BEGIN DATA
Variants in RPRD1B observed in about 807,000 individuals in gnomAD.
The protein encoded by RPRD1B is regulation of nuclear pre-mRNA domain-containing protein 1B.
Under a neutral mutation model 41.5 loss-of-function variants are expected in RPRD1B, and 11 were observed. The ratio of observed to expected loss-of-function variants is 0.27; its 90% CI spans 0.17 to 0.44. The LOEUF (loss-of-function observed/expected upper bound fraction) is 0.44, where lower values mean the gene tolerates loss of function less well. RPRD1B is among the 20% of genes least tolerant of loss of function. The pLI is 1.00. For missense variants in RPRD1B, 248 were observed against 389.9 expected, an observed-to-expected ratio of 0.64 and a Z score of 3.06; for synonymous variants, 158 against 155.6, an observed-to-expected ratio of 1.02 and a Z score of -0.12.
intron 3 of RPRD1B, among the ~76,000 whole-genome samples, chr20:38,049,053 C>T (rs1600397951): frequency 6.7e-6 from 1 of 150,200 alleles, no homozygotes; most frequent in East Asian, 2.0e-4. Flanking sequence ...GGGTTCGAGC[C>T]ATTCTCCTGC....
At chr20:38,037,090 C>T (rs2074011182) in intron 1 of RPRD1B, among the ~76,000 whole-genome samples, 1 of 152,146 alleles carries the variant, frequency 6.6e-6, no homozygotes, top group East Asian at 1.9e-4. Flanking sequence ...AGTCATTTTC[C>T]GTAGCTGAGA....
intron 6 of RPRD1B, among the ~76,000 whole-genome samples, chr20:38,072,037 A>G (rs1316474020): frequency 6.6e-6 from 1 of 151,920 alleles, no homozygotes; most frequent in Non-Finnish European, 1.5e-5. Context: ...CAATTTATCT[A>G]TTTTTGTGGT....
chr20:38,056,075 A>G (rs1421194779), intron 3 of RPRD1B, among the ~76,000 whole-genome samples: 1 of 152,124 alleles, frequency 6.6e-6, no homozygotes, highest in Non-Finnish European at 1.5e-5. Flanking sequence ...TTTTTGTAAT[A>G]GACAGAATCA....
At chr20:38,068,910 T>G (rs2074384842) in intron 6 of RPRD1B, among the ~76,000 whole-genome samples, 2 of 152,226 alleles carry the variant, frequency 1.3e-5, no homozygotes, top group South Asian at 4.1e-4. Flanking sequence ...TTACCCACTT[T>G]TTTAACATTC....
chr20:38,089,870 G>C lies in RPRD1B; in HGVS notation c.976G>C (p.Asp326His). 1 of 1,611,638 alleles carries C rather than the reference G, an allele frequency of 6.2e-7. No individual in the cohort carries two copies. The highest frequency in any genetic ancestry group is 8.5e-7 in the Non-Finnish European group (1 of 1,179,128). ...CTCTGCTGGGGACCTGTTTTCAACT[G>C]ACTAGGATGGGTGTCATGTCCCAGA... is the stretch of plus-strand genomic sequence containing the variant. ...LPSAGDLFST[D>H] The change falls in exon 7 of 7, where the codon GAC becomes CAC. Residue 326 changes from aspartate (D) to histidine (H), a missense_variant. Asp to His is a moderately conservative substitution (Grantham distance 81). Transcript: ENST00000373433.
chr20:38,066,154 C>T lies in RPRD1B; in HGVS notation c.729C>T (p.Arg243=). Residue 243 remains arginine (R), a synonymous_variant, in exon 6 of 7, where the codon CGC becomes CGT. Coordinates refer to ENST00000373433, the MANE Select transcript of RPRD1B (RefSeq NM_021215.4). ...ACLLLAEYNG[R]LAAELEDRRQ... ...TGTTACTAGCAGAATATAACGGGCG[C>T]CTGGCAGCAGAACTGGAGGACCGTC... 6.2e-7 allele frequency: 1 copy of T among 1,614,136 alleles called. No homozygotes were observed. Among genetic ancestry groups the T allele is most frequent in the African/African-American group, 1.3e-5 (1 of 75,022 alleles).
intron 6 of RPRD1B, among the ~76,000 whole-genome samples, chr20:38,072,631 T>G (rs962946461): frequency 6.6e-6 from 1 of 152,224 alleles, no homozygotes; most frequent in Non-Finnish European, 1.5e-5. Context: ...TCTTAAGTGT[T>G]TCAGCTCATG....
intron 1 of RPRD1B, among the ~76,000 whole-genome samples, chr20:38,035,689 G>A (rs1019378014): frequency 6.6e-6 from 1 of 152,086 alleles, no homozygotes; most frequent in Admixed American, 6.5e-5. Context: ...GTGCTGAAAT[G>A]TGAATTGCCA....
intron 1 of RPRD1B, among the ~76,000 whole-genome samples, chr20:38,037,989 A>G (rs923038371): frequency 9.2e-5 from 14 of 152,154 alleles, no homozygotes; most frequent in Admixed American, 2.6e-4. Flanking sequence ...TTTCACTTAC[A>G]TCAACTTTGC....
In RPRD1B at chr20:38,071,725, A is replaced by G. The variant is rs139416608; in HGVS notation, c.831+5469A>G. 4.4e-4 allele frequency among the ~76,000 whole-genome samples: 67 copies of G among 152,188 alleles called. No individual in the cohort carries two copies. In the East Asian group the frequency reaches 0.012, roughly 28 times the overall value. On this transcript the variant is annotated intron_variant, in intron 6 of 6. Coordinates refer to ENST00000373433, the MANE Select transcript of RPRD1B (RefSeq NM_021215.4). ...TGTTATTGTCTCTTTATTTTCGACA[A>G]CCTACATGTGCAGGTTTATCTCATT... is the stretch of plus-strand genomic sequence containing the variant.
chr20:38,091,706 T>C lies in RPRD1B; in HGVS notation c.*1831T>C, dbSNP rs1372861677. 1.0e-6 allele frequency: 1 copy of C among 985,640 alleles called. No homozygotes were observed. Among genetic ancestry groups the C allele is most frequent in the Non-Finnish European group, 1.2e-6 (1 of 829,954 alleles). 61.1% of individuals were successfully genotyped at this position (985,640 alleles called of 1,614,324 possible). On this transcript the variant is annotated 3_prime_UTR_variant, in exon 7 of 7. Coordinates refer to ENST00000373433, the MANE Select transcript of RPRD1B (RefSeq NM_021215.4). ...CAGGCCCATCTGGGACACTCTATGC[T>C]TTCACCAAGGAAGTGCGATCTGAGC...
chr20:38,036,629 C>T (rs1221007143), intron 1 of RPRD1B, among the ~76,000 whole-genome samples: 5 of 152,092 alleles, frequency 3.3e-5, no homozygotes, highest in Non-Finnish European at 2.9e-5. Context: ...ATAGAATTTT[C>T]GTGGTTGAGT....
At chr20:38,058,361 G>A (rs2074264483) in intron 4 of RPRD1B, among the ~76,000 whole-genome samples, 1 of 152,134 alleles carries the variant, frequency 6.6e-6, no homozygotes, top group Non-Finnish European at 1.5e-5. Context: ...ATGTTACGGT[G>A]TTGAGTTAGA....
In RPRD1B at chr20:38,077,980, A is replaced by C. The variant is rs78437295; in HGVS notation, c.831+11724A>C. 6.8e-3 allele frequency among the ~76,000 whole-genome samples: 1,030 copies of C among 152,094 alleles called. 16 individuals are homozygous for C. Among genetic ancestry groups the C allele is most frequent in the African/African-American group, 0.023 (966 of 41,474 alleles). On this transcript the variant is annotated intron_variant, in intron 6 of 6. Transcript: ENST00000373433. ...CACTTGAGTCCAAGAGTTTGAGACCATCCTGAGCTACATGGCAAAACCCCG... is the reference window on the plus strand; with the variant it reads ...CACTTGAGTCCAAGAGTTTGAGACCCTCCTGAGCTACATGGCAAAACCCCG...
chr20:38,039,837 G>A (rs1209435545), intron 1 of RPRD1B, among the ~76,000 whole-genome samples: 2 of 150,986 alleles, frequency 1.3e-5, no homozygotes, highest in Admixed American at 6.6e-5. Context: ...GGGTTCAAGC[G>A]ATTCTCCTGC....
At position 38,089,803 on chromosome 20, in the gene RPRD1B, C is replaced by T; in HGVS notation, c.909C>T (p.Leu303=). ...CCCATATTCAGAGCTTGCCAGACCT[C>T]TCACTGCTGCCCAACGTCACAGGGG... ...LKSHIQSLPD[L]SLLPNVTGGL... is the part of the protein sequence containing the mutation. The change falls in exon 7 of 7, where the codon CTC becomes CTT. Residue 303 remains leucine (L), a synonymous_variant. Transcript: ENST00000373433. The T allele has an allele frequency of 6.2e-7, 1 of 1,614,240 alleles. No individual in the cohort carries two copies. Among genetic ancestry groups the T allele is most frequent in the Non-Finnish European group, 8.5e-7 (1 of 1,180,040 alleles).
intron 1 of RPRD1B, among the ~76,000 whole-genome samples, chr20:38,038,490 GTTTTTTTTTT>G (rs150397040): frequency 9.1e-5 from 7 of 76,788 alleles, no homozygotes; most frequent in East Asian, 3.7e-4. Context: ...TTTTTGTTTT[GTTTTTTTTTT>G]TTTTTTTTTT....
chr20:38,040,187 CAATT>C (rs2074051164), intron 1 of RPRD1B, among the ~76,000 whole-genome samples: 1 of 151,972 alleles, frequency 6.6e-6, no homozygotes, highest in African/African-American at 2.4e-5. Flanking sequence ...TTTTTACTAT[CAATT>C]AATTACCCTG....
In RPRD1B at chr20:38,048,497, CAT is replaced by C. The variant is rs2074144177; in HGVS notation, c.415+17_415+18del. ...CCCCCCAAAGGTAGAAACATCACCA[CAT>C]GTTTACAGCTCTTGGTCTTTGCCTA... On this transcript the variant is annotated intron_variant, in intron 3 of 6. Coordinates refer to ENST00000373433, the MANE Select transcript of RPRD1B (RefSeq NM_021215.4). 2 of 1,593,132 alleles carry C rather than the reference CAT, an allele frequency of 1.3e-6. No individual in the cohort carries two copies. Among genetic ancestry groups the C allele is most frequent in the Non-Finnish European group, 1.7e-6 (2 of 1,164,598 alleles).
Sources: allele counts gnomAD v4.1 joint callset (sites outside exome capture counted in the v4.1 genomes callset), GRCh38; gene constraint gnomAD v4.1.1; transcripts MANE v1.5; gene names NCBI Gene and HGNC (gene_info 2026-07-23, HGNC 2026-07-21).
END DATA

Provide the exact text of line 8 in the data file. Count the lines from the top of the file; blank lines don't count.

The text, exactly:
At chr20:38,068,910 T>G (rs2074384842) in intron 6 of RPRD1B, among the ~76,000 whole-genome samples, 2 of 152,226 alleles carry the variant, frequency 1.3e-5, no homozygotes, top group South Asian at 4.1e-4. Flanking sequence ...TTACCCACTT[T>G]TTTAACATTC....